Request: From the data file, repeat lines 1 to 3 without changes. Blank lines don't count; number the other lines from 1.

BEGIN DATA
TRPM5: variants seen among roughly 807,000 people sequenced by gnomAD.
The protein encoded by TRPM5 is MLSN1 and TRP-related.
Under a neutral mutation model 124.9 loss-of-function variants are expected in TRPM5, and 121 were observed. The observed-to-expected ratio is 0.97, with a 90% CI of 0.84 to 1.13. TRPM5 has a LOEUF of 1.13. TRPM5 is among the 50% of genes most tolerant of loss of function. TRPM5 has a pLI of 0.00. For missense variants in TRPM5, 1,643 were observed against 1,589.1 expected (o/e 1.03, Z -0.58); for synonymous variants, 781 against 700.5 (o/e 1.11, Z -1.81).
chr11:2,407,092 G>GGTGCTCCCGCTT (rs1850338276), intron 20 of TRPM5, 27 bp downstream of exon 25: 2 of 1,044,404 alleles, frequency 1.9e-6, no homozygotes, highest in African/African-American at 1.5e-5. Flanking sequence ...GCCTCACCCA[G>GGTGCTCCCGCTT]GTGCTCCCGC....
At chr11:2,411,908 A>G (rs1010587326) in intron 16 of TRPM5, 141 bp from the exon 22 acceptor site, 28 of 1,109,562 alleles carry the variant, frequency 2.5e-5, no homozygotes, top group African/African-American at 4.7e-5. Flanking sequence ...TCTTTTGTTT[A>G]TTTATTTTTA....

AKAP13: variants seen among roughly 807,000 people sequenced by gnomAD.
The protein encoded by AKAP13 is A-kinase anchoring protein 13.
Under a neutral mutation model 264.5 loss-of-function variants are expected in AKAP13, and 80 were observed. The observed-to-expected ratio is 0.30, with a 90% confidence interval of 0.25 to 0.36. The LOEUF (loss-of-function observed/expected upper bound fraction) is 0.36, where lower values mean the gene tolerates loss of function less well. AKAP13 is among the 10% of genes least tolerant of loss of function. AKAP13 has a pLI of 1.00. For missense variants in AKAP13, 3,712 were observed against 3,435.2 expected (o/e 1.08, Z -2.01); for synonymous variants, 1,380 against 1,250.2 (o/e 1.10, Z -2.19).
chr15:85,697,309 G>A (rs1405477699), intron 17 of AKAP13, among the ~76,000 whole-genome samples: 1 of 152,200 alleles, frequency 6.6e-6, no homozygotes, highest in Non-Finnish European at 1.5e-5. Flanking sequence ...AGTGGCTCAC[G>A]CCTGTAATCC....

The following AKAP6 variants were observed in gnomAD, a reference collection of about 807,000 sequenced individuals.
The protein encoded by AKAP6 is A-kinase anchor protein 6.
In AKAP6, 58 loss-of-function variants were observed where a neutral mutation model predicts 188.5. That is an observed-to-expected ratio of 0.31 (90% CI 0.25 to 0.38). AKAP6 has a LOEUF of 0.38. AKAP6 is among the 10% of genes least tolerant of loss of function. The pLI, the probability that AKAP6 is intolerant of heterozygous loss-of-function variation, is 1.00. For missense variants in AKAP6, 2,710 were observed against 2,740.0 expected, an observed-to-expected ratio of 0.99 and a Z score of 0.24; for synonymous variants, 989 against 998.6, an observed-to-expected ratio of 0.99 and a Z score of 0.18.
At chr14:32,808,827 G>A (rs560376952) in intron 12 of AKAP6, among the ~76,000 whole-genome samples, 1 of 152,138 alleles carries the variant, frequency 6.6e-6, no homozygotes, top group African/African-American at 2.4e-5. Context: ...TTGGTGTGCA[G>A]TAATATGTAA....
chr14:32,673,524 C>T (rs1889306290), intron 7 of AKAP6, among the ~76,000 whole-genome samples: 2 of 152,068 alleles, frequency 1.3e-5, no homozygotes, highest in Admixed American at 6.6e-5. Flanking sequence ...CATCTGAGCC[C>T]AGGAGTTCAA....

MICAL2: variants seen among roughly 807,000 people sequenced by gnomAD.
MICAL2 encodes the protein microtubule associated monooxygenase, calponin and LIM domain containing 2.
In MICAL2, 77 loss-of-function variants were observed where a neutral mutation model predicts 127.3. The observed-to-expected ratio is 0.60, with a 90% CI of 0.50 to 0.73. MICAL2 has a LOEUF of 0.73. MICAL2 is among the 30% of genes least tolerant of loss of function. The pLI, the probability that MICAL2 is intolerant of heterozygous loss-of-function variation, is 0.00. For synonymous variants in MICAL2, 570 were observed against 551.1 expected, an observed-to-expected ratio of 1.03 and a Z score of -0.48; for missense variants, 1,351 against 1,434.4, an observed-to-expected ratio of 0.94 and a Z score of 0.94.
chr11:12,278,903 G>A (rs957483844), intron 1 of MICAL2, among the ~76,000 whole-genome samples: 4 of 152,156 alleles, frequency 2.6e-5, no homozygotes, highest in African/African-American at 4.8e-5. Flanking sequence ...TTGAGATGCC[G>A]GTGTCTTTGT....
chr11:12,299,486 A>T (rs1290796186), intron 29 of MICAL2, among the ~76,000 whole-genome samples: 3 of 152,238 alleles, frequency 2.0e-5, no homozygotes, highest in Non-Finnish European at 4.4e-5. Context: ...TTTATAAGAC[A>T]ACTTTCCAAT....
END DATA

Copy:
TRPM5: variants seen among roughly 807,000 people sequenced by gnomAD.
The protein encoded by TRPM5 is MLSN1 and TRP-related.
Under a neutral mutation model 124.9 loss-of-function variants are expected in TRPM5, and 121 were observed. The observed-to-expected ratio is 0.97, with a 90% CI of 0.84 to 1.13. TRPM5 has a LOEUF of 1.13. TRPM5 is among the 50% of genes most tolerant of loss of function. TRPM5 has a pLI of 0.00. For missense variants in TRPM5, 1,643 were observed against 1,589.1 expected (o/e 1.03, Z -0.58); for synonymous variants, 781 against 700.5 (o/e 1.11, Z -1.81).